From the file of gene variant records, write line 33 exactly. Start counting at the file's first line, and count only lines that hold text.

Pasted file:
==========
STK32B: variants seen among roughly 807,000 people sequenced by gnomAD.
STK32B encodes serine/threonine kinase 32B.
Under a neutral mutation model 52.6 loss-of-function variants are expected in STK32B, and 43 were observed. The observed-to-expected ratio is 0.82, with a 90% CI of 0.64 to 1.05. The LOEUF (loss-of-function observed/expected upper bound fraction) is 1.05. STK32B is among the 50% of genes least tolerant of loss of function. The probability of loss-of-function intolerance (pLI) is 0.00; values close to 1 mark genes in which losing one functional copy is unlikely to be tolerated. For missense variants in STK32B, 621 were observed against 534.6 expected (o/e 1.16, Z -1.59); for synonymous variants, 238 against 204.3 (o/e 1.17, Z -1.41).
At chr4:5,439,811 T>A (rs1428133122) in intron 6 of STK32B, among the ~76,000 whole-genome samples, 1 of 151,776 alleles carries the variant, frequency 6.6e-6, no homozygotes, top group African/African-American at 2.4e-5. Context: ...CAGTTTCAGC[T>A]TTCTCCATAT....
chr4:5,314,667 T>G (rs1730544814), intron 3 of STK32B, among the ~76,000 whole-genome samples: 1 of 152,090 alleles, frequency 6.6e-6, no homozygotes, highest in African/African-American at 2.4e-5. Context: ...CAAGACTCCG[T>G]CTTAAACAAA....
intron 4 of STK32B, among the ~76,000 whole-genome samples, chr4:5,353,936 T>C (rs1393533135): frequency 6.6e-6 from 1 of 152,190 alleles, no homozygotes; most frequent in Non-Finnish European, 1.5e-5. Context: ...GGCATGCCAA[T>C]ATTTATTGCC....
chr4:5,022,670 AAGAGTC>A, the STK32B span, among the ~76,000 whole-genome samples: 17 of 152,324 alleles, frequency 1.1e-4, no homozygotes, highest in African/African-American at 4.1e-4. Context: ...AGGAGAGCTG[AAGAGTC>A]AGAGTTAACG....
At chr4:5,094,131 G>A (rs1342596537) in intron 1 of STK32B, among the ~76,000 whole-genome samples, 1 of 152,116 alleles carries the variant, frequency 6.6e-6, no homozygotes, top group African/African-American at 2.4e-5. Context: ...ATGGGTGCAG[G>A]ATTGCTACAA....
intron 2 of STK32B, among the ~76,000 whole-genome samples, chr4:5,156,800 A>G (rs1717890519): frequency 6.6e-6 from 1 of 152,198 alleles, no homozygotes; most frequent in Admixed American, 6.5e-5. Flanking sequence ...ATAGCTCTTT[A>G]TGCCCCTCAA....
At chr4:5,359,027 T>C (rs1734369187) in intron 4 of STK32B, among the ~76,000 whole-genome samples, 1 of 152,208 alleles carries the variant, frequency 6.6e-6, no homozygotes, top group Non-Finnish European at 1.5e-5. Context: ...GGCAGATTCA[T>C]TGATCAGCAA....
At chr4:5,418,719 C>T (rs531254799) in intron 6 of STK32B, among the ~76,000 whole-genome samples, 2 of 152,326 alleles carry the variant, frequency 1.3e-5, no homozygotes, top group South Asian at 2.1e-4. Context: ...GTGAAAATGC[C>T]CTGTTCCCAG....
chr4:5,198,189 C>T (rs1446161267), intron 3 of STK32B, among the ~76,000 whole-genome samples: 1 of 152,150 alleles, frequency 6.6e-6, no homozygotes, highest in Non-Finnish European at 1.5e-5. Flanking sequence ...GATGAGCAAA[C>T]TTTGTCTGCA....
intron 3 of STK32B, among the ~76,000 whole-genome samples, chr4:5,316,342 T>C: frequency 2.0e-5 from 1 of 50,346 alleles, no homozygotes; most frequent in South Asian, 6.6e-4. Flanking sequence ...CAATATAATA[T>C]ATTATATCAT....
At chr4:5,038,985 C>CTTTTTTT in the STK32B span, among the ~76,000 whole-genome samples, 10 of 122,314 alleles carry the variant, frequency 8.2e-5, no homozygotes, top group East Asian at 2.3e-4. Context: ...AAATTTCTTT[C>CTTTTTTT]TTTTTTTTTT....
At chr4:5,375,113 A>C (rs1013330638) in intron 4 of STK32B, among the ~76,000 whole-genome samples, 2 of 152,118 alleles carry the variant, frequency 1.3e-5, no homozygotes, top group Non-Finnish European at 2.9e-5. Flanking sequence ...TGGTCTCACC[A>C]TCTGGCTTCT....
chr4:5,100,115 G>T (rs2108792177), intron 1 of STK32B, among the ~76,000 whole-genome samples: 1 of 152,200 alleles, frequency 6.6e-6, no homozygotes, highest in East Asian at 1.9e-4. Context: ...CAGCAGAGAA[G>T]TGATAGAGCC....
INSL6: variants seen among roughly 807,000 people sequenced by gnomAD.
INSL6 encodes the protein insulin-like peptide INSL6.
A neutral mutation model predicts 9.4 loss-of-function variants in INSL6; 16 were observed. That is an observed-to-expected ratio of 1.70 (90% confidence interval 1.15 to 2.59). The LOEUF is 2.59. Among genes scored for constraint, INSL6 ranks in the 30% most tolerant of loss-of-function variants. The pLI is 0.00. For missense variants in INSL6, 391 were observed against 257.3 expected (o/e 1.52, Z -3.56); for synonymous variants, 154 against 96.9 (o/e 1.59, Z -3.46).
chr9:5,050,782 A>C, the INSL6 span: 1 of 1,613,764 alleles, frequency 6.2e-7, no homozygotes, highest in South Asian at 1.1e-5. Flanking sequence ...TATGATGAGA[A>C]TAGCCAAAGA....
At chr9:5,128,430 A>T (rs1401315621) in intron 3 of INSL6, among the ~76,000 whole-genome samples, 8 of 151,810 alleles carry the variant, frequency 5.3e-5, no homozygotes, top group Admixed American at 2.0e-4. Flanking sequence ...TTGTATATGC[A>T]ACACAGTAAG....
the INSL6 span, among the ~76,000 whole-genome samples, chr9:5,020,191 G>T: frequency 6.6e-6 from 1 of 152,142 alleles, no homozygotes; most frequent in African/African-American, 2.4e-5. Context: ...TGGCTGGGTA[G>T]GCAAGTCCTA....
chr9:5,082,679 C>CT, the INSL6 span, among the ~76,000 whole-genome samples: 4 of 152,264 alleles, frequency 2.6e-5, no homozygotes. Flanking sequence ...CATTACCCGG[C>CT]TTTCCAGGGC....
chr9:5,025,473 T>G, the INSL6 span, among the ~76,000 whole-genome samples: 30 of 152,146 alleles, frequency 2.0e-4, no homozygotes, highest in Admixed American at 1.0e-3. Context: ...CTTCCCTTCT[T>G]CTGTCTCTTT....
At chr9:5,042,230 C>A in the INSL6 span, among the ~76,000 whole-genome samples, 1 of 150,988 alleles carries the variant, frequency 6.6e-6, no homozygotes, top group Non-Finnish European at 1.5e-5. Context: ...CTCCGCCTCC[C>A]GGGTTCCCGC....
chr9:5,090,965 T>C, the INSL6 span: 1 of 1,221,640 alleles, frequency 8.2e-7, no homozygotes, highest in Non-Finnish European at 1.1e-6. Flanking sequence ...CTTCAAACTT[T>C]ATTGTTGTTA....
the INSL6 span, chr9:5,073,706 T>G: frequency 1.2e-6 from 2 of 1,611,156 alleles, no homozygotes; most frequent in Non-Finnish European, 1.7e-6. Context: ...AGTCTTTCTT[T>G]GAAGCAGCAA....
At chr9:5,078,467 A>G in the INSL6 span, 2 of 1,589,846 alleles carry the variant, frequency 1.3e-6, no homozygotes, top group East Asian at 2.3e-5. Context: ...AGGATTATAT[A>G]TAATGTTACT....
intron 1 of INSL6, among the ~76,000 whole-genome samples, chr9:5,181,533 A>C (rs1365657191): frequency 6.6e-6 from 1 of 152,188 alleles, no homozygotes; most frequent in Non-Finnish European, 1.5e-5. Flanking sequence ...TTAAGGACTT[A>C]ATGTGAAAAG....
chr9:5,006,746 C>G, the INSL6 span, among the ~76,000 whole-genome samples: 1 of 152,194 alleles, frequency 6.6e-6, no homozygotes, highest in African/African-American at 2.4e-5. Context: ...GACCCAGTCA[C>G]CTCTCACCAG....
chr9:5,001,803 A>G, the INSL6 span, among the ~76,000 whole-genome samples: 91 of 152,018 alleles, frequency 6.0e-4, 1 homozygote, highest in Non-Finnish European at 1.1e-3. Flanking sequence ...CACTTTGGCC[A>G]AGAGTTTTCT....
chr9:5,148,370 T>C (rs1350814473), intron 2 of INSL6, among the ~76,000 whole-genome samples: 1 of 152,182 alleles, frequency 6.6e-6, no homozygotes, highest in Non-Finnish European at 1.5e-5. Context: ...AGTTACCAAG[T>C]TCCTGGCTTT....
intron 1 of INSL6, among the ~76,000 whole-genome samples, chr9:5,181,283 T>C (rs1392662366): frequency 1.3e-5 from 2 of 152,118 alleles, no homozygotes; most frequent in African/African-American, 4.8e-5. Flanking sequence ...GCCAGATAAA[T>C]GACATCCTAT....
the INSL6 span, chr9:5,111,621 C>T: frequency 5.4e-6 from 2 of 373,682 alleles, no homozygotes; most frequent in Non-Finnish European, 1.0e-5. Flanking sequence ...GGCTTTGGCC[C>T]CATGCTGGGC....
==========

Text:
intron 1 of INSL6, among the ~76,000 whole-genome samples, chr9:5,181,283 T>C (rs1392662366): frequency 1.3e-5 from 2 of 152,118 alleles, no homozygotes; most frequent in African/African-American, 4.8e-5. Flanking sequence ...GCCAGATAAA[T>C]GACATCCTAT....